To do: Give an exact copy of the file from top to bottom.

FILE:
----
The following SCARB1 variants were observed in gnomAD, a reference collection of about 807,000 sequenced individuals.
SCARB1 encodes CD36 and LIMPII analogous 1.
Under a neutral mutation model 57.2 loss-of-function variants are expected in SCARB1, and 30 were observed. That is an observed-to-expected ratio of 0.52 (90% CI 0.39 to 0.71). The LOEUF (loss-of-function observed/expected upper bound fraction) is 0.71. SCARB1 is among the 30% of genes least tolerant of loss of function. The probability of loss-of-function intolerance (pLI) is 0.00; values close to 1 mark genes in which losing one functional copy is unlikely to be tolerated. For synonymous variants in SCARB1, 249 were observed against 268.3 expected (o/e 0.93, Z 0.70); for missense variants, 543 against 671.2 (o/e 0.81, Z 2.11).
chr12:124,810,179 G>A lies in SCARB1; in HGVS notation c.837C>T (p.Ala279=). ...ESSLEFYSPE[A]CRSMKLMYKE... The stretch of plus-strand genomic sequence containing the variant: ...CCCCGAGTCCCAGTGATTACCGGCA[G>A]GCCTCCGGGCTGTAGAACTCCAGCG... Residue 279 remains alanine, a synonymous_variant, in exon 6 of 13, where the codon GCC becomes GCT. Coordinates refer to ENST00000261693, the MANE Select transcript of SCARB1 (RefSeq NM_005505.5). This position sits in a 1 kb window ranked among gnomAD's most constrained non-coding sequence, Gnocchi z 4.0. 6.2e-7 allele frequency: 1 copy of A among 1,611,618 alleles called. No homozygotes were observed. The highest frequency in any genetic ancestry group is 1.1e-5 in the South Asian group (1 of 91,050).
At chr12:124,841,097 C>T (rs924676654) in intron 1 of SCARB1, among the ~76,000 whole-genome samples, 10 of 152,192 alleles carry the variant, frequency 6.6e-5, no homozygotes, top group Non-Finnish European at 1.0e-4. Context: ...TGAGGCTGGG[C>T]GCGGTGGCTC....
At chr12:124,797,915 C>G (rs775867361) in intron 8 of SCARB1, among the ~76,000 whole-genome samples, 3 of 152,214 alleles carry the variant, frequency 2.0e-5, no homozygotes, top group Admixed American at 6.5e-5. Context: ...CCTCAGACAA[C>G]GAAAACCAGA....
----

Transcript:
The following SCARB1 variants were observed in gnomAD, a reference collection of about 807,000 sequenced individuals.
SCARB1 encodes CD36 and LIMPII analogous 1.
Under a neutral mutation model 57.2 loss-of-function variants are expected in SCARB1, and 30 were observed. That is an observed-to-expected ratio of 0.52 (90% CI 0.39 to 0.71). The LOEUF (loss-of-function observed/expected upper bound fraction) is 0.71. SCARB1 is among the 30% of genes least tolerant of loss of function. The probability of loss-of-function intolerance (pLI) is 0.00; values close to 1 mark genes in which losing one functional copy is unlikely to be tolerated. For synonymous variants in SCARB1, 249 were observed against 268.3 expected (o/e 0.93, Z 0.70); for missense variants, 543 against 671.2 (o/e 0.81, Z 2.11).
chr12:124,810,179 G>A lies in SCARB1; in HGVS notation c.837C>T (p.Ala279=). ...ESSLEFYSPE[A]CRSMKLMYKE... The stretch of plus-strand genomic sequence containing the variant: ...CCCCGAGTCCCAGTGATTACCGGCA[G>A]GCCTCCGGGCTGTAGAACTCCAGCG... Residue 279 remains alanine, a synonymous_variant, in exon 6 of 13, where the codon GCC becomes GCT. Coordinates refer to ENST00000261693, the MANE Select transcript of SCARB1 (RefSeq NM_005505.5). This position sits in a 1 kb window ranked among gnomAD's most constrained non-coding sequence, Gnocchi z 4.0. 6.2e-7 allele frequency: 1 copy of A among 1,611,618 alleles called. No homozygotes were observed. The highest frequency in any genetic ancestry group is 1.1e-5 in the South Asian group (1 of 91,050).
At chr12:124,841,097 C>T (rs924676654) in intron 1 of SCARB1, among the ~76,000 whole-genome samples, 10 of 152,192 alleles carry the variant, frequency 6.6e-5, no homozygotes, top group Non-Finnish European at 1.0e-4. Context: ...TGAGGCTGGG[C>T]GCGGTGGCTC....
At chr12:124,797,915 C>G (rs775867361) in intron 8 of SCARB1, among the ~76,000 whole-genome samples, 3 of 152,214 alleles carry the variant, frequency 2.0e-5, no homozygotes, top group Admixed American at 6.5e-5. Context: ...CCTCAGACAA[C>G]GAAAACCAGA....